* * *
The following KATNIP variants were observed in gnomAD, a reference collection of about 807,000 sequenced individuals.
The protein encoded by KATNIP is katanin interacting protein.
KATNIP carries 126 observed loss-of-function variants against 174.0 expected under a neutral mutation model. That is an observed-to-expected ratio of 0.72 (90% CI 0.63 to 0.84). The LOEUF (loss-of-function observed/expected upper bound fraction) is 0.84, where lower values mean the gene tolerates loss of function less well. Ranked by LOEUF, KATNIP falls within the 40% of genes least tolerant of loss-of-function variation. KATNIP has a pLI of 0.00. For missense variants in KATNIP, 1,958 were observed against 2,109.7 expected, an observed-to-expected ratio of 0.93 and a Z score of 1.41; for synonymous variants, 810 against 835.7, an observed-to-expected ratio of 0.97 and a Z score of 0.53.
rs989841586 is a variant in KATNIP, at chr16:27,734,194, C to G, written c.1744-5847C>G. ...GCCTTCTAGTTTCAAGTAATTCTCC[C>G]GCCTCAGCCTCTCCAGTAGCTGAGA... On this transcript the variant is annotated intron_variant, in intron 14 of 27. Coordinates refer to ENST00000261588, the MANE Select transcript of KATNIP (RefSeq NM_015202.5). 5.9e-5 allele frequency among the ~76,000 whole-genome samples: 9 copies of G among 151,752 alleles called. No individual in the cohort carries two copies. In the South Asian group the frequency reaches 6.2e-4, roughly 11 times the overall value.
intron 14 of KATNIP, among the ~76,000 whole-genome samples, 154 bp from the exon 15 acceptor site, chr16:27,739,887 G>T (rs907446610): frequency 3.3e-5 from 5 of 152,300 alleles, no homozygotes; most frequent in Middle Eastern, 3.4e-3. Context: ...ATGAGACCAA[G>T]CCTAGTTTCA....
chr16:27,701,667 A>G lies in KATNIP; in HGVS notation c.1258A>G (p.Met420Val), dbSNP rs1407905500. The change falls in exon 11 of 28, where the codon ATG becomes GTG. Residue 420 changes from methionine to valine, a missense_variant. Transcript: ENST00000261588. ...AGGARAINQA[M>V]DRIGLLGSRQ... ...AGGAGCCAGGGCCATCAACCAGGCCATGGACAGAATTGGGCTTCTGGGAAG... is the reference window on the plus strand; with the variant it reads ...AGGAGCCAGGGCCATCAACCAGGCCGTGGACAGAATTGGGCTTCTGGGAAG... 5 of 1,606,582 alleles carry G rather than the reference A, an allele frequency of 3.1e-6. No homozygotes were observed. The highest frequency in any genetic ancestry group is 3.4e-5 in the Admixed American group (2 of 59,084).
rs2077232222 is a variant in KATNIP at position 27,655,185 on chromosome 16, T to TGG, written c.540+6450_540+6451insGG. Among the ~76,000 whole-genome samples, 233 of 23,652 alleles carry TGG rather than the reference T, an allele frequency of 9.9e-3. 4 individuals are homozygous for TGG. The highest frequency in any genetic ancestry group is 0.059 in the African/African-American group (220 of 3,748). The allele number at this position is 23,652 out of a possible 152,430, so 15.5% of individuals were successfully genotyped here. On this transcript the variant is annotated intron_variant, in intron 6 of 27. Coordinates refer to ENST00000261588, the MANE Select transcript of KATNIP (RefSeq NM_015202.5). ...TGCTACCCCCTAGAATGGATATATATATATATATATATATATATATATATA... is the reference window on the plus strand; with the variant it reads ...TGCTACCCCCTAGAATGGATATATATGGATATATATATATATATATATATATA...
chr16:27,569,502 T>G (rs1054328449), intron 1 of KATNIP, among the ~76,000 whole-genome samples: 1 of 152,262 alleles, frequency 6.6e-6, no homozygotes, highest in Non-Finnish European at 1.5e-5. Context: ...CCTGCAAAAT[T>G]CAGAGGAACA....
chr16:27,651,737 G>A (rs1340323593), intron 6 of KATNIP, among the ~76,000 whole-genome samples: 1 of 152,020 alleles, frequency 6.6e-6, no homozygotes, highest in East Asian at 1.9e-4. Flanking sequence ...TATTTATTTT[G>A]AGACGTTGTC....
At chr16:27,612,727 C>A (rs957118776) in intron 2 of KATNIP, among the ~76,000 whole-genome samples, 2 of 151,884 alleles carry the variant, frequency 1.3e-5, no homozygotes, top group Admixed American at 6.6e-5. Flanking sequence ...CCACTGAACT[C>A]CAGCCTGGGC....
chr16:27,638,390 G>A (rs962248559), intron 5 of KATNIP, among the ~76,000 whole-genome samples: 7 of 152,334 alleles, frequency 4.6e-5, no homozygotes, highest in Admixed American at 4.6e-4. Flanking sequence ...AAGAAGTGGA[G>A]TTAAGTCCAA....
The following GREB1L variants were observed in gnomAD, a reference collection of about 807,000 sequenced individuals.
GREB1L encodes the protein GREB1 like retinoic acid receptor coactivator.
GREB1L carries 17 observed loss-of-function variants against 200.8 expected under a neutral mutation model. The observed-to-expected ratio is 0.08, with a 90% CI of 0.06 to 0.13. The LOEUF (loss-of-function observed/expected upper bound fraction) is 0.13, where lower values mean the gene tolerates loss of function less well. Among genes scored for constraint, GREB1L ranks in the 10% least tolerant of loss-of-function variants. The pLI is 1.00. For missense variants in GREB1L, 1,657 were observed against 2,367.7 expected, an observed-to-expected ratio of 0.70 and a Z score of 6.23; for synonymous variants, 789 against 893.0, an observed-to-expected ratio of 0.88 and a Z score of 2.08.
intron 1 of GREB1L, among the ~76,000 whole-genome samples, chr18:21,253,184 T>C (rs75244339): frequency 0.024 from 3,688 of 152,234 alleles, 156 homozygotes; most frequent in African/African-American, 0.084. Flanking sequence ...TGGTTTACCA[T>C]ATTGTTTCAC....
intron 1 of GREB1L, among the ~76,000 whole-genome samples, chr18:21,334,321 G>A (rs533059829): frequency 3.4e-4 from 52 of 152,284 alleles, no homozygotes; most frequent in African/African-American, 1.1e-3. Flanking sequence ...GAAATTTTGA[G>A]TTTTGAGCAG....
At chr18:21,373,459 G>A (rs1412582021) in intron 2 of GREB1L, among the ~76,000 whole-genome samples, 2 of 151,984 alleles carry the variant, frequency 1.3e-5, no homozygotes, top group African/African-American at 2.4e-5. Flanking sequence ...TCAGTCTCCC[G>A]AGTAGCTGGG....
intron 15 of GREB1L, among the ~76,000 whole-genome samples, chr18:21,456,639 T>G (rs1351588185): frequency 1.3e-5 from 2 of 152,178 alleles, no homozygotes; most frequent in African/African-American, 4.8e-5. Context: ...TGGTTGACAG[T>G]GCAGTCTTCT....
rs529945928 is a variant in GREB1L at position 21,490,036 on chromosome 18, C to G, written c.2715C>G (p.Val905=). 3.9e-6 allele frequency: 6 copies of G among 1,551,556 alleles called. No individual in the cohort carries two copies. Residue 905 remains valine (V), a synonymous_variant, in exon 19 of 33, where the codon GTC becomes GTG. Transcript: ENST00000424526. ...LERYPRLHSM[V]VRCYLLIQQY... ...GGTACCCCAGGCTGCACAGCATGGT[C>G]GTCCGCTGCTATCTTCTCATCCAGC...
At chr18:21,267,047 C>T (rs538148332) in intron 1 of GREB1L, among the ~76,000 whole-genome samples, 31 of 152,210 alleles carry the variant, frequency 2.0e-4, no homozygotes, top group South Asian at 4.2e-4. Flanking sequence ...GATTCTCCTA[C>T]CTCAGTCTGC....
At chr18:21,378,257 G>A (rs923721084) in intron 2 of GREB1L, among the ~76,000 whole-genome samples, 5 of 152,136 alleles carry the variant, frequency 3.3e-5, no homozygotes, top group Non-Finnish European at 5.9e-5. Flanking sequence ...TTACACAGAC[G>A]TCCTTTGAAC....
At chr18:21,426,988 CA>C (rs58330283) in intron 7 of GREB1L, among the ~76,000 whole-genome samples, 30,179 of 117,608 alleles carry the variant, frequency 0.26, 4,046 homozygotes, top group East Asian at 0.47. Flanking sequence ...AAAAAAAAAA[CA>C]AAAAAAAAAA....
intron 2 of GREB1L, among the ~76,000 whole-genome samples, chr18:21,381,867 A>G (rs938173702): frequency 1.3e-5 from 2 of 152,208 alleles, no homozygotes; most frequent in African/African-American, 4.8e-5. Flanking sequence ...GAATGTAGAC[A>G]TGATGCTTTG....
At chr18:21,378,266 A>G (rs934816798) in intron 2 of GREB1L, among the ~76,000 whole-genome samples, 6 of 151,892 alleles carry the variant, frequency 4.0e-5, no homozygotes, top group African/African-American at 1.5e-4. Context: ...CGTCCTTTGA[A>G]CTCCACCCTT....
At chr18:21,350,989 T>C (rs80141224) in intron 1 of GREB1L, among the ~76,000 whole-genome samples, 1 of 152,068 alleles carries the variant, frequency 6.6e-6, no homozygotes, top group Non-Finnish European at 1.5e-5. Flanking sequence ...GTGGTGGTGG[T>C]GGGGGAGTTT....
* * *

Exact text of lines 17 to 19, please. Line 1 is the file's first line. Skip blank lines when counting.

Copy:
At chr18:21,373,459 G>A (rs1412582021) in intron 2 of GREB1L, among the ~76,000 whole-genome samples, 2 of 151,984 alleles carry the variant, frequency 1.3e-5, no homozygotes, top group African/African-American at 2.4e-5. Flanking sequence ...TCAGTCTCCC[G>A]AGTAGCTGGG....
intron 15 of GREB1L, among the ~76,000 whole-genome samples, chr18:21,456,639 T>G (rs1351588185): frequency 1.3e-5 from 2 of 152,178 alleles, no homozygotes; most frequent in African/African-American, 4.8e-5. Context: ...TGGTTGACAG[T>G]GCAGTCTTCT....
rs529945928 is a variant in GREB1L at position 21,490,036 on chromosome 18, C to G, written c.2715C>G (p.Val905=). 3.9e-6 allele frequency: 6 copies of G among 1,551,556 alleles called. No individual in the cohort carries two copies. Residue 905 remains valine (V), a synonymous_variant, in exon 19 of 33, where the codon GTC becomes GTG. Transcript: ENST00000424526. ...LERYPRLHSM[V]VRCYLLIQQY... ...GGTACCCCAGGCTGCACAGCATGGT[C>G]GTCCGCTGCTATCTTCTCATCCAGC...